Sophie is a high school junior in the STEM Academy at Madison College. Stepping out…
Will is in his second year pursuing a degree in Political Science.
On our first day in Nicaragua, Kelden and I had a conversation with one of the Nicaraguans we met. During our conversation, he told us about how one of his daughters had been studying journalism but had left the program. When we asked why he explained that it was because there had been concerns she might be arrested. Journalists in Nicaragua, he told us, could be arrested or even killed. This was not new information to us—there are plenty of resources online that will tell you how the Nicaraguan government punishes journalists and limits the freedom of the press. But it was different because of the intimacy of the situation. Often when we read about anti-democratic behavior in the news, it can seem like it’s just something happening to someone in some far-off place. Now, it seemed like it was happening here, to a real person who we might reasonably know.
Throughout the rest of the week, we heard many more stories like this. One of our visits to an organization was canceled because they were afraid that the mere presence of a group of Americans at their facility would result in them being stripped of their non-profit status as punishment from the government. We visited a museum where the U.S.-backed dictatorship tortured Nicaraguans during the Nicaraguan Revolution, and shortly after one of the Nicaraguans we met explained how he had seen the police shoot his neighbor during protests against the government in 2018, and how he had feared for his sister’s life. There was a common theme among our conversations in Nicaragua: the government was not friendly, and the government was watching for signs of dissent.
Despite this, people in Nicaragua time and time again took great personal risk to tell us about what it was like to live in the country. They told us about how they felt about the government, what their daily life was like, and what they hoped their country might one day look like, even if it wasn’t like that today. Another common theme emerged: these people loved their people and their country, and even amidst the desolate political landscape that we saw they were still thinking about and hoping about the future.
At Pres House, it is not uncommon to find ourselves talking about the intersection between faith and politics. It is also, in my opinion, not uncommon for this to be a touchy subject. We live in a secular democracy, and as good-faith members of that democracy we want to be mindful of not imposing our religious beliefs onto others. We should consider what role faith plays (if any) in our political life and decisions, and how we can be people of action instead of just people of thinking. These are the common conversations that one might expect to hear about faith and politics at Pres House.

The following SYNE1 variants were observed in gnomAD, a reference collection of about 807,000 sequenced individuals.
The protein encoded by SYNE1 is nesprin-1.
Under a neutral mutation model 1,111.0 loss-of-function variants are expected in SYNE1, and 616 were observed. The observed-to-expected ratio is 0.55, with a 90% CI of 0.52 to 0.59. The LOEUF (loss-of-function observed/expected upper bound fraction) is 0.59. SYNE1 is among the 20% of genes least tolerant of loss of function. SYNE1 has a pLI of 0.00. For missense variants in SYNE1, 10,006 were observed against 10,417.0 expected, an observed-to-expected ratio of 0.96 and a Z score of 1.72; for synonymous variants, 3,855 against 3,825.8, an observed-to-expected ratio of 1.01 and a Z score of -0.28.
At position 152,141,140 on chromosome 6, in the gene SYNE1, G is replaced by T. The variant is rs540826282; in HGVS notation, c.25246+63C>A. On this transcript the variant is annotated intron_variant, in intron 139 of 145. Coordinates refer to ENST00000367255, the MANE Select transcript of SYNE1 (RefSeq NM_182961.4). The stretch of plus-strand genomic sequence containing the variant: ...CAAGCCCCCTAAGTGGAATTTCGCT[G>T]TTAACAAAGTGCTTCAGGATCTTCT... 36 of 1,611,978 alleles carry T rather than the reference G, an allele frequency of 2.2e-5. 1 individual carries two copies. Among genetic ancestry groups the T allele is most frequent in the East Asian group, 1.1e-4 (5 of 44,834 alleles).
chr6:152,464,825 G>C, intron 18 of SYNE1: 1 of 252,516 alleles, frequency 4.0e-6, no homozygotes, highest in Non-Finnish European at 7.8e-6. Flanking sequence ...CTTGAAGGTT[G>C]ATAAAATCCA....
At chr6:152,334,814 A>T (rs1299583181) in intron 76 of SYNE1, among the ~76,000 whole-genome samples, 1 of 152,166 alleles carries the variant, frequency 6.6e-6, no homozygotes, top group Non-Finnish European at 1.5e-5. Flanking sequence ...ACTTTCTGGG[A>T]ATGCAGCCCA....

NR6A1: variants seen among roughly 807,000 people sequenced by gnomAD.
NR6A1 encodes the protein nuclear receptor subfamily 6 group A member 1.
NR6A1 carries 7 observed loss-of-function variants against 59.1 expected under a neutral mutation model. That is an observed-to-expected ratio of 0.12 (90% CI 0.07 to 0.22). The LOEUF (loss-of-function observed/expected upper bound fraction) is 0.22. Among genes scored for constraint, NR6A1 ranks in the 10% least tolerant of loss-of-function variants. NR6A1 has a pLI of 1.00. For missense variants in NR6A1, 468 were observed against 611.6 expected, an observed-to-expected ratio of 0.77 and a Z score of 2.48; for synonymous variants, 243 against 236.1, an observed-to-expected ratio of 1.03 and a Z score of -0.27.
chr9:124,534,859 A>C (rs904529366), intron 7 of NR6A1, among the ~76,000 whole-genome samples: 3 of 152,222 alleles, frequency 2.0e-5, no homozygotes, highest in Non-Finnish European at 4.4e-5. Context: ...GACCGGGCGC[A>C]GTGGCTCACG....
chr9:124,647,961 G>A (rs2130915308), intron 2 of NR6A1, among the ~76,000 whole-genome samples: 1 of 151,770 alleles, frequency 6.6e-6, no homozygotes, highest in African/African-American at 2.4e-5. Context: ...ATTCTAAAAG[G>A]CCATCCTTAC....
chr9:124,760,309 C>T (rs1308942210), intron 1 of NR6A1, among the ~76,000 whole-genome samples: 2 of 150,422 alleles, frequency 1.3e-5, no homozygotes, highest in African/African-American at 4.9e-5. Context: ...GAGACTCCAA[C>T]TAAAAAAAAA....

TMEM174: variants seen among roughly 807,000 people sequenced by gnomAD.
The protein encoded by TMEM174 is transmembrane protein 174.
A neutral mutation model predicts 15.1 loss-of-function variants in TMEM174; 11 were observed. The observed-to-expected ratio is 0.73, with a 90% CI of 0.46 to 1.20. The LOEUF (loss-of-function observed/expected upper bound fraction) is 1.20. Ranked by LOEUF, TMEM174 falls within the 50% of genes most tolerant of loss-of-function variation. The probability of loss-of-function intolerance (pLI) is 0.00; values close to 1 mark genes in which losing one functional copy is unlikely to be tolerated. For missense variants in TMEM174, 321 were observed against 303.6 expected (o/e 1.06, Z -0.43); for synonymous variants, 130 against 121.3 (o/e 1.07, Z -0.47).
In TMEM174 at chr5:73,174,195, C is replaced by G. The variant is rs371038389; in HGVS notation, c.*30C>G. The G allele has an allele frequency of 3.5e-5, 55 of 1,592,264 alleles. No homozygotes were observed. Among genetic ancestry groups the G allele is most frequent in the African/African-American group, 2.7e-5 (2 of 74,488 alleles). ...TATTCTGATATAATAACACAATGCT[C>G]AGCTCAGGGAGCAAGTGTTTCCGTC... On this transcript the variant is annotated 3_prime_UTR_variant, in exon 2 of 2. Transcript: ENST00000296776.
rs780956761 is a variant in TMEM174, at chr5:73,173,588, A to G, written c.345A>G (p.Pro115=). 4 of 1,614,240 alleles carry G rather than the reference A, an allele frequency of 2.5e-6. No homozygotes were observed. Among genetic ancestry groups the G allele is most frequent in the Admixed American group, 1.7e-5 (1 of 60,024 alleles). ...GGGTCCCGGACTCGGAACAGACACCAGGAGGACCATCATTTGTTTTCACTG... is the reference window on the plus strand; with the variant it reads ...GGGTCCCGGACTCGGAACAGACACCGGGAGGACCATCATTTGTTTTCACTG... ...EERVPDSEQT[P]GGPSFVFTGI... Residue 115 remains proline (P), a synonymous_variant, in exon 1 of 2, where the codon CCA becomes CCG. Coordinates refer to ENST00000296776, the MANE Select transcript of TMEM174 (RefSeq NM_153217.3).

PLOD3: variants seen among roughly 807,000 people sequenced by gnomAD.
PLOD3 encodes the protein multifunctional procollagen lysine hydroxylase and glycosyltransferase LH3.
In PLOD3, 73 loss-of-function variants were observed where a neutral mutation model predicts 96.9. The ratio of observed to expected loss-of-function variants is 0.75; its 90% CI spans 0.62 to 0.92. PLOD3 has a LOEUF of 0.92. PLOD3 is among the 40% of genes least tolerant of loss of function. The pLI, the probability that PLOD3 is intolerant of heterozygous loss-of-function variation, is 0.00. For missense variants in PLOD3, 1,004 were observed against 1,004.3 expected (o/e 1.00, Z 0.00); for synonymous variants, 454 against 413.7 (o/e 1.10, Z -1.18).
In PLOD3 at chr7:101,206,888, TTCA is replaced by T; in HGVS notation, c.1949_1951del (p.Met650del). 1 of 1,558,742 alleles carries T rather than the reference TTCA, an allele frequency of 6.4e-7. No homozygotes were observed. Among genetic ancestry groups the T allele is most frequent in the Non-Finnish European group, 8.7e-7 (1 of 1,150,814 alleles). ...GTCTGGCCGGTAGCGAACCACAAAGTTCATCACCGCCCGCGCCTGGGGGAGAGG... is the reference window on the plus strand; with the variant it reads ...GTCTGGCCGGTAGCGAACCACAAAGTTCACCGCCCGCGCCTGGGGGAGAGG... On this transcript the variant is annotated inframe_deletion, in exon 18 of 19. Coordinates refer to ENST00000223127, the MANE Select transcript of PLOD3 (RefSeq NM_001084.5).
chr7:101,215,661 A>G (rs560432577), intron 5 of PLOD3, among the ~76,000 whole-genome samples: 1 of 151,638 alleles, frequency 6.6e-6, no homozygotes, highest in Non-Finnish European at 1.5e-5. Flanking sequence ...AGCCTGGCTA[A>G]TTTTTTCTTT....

Things were quite different in Nicaragua—there was little talk about voting faithfully, or how faith should be involved in politics, or any of these things. The Catholic Church, one of the most outspoken critics of the Nicaraguan government, has in recent years found itself being regulated and scrutinized by the government, and even has seen several of its clergy expelled from the country and stripped of their citizenship. Despite these things, Nicaragua is still a profoundly Catholic country, and people continued to tell us how they felt about the government. The politics of faith look quite different there, but fundamentally they are united in the same idea: to do the best that we can all do in the world we are living in.
I don’t have some grand takeaway from this experience, or some message to give you about what we experienced while we were in Nicaragua. Truthfully, I am left with a feeling of profound confusion. I have no idea what I should do with everything we learned about the political situation while we were there. As Americans, we have an enormous amount of privilege in this world. The United States dominates the international political order and exercises broad power, even beyond its own borders. We (Pres House members) were never in any real danger in Nicaragua, and could speak relatively freely about the government, even though the Nicaraguan people couldn’t. But if we are to draw anything away from this experience, I think it is that we must continue to push through that feeling of confusion and focus on finding something—anything—that we can do. Just as people in Nicaragua are still having these conversations, so must we keep searching for what God is calling us to do in our collective search for a better tomorrow.
Read the rest of the BWAP Nicaragua 2024 reflections:
Rev. Mark Elsdon ~ Why Nicaragua?
Jack Wilharm ~ The Power of Microfinancing
Mei Hippe ~ Perfect Solutions?
Nathan Tan ~ Politics and Faith
Aurora Kuelbs ~ Opportunity
Allyson Mills ~ Grace and Power Under Dictatorship
Kyle Digman ~ Murals in Nicaragua
Sophie Elsdon ~ Nicaraguan Pride